Pearl Har­bor marks 71 years since at­tack

30 sur­vivors, 2,000 peo­ple at­tend com­mem­o­ra­tion of U.S. en­try into war.

Austin American-Statesman - - THE SECOND FRONT - Byau­drey Mcavoy RICHARD DREW / AS­SO­CI­ATED PRESS

PEARL HAR­BOR, HAWAII — More than 2,000 peo­ple at Pearl Har­bor and many more around the coun­try marked the 71st an­niver­sary of the Ja­panese at­tack that killed thou­sands of peo­ple and launched the United States into World War II.

The USS Michael Murphy, a re­cently chris­tened ship named af­ter a Pearl Har­bor-based Navy SEAL killed in Afghanistan, sounded its ship’s whis­tle Fri­day to start a moment of si­lence at 7:55 a.m., mark­ing the ex­act time the bomb­ing be­gan in 1941.

Crew mem­bers lined the edge of the Navy guided-mis­sile de­stroyer in the har­bor where the USS Ari­zona and USS Utah, bat­tle­ships that sank in the at­tack, still lie. Hawaii Air Na­tional Guard F-22 jets flew over­head in a spe­cial “miss­ing man” for­ma­tion to break the si­lence.

“Let us re­mem­ber that this is where it all be­gan. Let us re­mem­ber that the arc of his­tory was bent at this place 71 years ago to­day and a gen­er­a­tion of young men and women reached deep and rose up to lead our na­tion to vic­tory,” Rhea Suh, In­te­rior De­part­ment as­sis­tant sec­re­tary, told the crowd. “Let us re­mem­ber and be for­ever grate­ful for all of their sac­ri­fices.”

About 30 sur­vivors, many us­ing walk­ers and canes, at­tended the com­mem­o­ra­tion.

Ed­win Schuler, of San Jose, Calif., said he re­mem­bered go­ing up to the bridge of his ship, the USS Phoenix, to read a book on a bright, sunny Sun­day morn­ing in 1941 when he saw planes drop­ping bombs.

“I thought: ‘Whoa, they’re us­ing big prac­tice bombs.’ I didn’t know,” said Schuler, 91.

Ewalt Shatz, 89, said re­turn­ing to Pearl Har­bor “keeps the spirit go­ing, the remembering of what can hap­pen.”

Shatz, who now lives in River­side, Calif., was on board the USS Pat­ter­son that morn­ing when the alarm sounded. His more ex­pe­ri­enced ship­mates were be­low putting a boiler back to­gether, so Shatz found him­self man­ning a .50-cal­iber ma­chine gun for the first time. The Navy cred­ited him with shoot­ing a Ja­panese plane.

“That was some good shoot­ing,” said U.S. Pa­cific Fleet com­man­der Adm. Ce­cil Haney, who re­counted Shatz’s ex­pe­ri­ence in the key­note ad­dress. “Thank you for your courage and tenac­ity — our na­tion is truly grate­ful.”

The Navy and Na­tional Park Ser­vice hosted the cer­e­monies held in re­mem­brance of the 2,390 ser­vice mem­bers and 49 civil­ians killed in the at­tack.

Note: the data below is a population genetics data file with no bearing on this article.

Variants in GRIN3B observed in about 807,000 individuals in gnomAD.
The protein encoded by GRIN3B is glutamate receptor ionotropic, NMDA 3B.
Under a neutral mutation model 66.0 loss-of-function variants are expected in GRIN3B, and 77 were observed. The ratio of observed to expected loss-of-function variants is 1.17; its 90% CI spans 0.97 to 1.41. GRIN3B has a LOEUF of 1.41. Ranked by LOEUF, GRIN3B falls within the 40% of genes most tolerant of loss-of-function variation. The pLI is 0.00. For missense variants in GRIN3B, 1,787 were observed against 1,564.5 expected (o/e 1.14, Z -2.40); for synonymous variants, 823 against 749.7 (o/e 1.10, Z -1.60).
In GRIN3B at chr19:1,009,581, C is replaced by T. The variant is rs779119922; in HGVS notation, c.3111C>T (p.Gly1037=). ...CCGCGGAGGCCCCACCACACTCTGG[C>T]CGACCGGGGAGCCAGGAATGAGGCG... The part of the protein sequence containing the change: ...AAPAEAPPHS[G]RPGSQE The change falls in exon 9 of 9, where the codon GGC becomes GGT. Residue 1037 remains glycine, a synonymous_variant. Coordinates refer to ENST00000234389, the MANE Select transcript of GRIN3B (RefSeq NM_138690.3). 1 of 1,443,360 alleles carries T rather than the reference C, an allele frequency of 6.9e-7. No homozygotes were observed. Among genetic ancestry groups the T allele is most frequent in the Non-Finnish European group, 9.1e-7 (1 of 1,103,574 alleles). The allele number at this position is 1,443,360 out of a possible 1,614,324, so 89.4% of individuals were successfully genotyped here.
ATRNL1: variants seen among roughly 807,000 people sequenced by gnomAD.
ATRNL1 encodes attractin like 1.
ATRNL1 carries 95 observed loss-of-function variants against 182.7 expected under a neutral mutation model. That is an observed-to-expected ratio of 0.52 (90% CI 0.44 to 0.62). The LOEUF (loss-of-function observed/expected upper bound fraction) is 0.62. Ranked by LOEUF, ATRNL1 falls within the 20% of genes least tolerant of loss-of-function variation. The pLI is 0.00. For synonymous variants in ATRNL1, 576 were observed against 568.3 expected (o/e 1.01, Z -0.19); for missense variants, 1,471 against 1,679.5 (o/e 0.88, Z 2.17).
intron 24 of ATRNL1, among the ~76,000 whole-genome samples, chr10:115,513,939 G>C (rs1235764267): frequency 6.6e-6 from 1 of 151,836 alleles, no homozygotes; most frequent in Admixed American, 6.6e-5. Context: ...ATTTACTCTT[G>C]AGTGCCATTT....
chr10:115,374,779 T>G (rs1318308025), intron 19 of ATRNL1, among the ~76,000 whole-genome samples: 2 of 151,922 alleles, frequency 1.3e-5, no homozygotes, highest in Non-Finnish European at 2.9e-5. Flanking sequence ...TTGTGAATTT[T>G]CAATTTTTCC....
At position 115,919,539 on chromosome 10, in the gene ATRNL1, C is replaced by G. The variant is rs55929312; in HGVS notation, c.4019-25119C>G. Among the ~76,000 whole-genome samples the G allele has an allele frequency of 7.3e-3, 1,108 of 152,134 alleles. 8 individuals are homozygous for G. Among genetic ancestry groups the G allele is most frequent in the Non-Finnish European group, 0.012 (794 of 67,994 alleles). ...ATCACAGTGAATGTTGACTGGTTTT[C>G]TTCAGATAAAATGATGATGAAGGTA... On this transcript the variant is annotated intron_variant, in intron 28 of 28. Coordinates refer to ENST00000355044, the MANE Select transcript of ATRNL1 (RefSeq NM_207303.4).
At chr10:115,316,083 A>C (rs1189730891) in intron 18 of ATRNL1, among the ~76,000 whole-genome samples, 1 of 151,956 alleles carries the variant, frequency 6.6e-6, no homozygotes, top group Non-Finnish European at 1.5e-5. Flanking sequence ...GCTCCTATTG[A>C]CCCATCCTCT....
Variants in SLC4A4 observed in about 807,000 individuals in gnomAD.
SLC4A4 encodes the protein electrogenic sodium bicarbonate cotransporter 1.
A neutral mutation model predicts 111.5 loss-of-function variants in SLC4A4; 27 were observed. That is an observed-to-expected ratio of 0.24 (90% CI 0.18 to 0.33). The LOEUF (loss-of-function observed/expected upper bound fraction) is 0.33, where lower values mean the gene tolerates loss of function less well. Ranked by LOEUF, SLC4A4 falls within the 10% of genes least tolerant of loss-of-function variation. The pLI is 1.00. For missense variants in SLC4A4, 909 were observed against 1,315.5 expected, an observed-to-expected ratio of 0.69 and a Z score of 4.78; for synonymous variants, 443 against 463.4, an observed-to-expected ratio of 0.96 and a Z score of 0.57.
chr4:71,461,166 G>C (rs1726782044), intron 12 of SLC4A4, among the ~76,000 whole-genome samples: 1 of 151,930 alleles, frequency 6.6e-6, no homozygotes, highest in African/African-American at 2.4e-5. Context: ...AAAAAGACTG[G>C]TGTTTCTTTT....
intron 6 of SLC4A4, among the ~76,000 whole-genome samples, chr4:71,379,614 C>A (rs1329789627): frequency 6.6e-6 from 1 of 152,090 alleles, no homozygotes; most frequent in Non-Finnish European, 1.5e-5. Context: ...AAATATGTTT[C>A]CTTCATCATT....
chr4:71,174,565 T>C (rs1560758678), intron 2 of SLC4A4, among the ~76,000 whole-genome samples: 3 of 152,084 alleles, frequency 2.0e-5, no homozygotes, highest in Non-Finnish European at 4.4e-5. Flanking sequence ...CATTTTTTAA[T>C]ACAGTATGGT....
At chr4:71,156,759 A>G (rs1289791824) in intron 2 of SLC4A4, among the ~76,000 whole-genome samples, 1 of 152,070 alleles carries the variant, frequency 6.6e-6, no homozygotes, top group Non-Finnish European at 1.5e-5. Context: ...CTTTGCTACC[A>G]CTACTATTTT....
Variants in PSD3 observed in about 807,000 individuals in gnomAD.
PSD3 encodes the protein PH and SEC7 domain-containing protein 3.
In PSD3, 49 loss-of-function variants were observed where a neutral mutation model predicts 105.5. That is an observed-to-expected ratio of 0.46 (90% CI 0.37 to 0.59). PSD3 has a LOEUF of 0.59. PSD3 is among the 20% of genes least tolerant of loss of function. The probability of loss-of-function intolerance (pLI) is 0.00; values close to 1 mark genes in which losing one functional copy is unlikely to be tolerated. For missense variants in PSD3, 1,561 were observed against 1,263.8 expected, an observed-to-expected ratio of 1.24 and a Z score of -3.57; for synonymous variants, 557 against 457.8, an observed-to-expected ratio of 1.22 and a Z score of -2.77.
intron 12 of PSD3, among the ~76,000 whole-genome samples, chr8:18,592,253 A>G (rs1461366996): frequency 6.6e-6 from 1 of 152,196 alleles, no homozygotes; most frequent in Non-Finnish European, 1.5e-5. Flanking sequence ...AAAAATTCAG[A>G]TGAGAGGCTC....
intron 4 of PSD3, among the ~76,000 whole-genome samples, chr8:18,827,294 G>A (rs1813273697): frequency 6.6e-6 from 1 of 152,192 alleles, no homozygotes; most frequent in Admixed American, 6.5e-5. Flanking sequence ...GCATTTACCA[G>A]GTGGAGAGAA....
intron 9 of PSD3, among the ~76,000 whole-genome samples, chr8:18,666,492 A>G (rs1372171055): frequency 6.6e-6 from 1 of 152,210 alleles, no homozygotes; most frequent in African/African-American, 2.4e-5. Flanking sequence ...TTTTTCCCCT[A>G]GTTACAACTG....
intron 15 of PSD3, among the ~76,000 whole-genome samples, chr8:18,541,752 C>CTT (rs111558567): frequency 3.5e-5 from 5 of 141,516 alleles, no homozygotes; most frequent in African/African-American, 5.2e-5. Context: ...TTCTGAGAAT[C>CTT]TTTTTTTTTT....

Fri­day’s event gave spe­cial recog­ni­tion to mem­bers of the Women Air­force Ser­vice Pi­lots, who flew non­com­bat mis­sions dur­ing World War II, and to Ray Emory, a 91-year-old Pearl Har­bor sur­vivor who has pushed to iden­tify the re­mains of un­known ser­vice­men.

Pres­i­dent Barack Obama marked the day on Thurs­day by is­su­ing a pres­i­den­tial procla­ma­tion, call­ing for flags to fly at half-staff on Fri­day and ask­ing all Amer­i­cans to ob­serve the day of re­mem­brance and honor mil­i­tary ser­vice mem­bers and veter­ans.

— A nurse who fell vic­tim to a prank call seek­ing in­for­ma­tion about the Duchess of Cam­bridge’s preg­nancy has died, a hospi­tal said Fri­day.

Jacintha Sal­danha, 46, was found dead early Fri­day at apart­ments af­fil­i­ated with King Ed­ward VII hospi­tal in cen­tral Lon­don, where she worked for four years.

Bri­tish me­dia out­lets, cit­ing un­named sources, re­ported that Sal­danha’s death was a sus­pected sui­cide. Scot­land Yard said the death was be­ing treated “as un­ex­plained.”

2DayFM, the Aus­tralian sta­tion that per­formed the prank Tues­day, said in a state­ment on Face­book and Twit­ter that two disc jock­eys, Mel Greig and Michael Chris­tian, would not re­turn to the sta­tion un­til fur­ther no­tice. They had apol­o­gized for the hoax Wed­nes­day.

Sal­danha took the call by the pair, who im­per­son­ated Queen Elizabeth II and Prince Charles to elicit in­for­ma­tion on the duchess, the hospi­tal said. Sal­danha later trans­ferred the call to the nurse car­ing for the duchess, who was ad­mit­ted to the hospi­tal Mon­day with acute morn­ing sick­ness.

“Our thoughts and deep­est sym­pa­thies at this time are with her fam­ily and friends,” hospi­tal chief ex­ec­u­tive John Loft­house said in a state­ment. “Ev­ery­one is shocked by the loss of a much loved and val­ued col­league.”

St. James’s Palace, the of­fice of the duchess and her hus­band, Prince Wil­liam, ex­pressed sad­ness at the death, in­sist­ing it had not com­plained about the hoax. “On the con­trary, we of­fered our full and heart­felt sup­port to the nurses in­volved and hospi­tal staff at all times,” the palace said.

Dur­ing the hoax call, a woman us­ing the of­ten­mim­icked voice of Bri­tain’s monarch asked about the duchess’ health. She was told by the sec­ond nurse who took the call from Sal­danha that the duchess, the former Kate Mid­dle­ton, “hasn’t had any retch­ing with me and she’s been sleep­ing on and off.”

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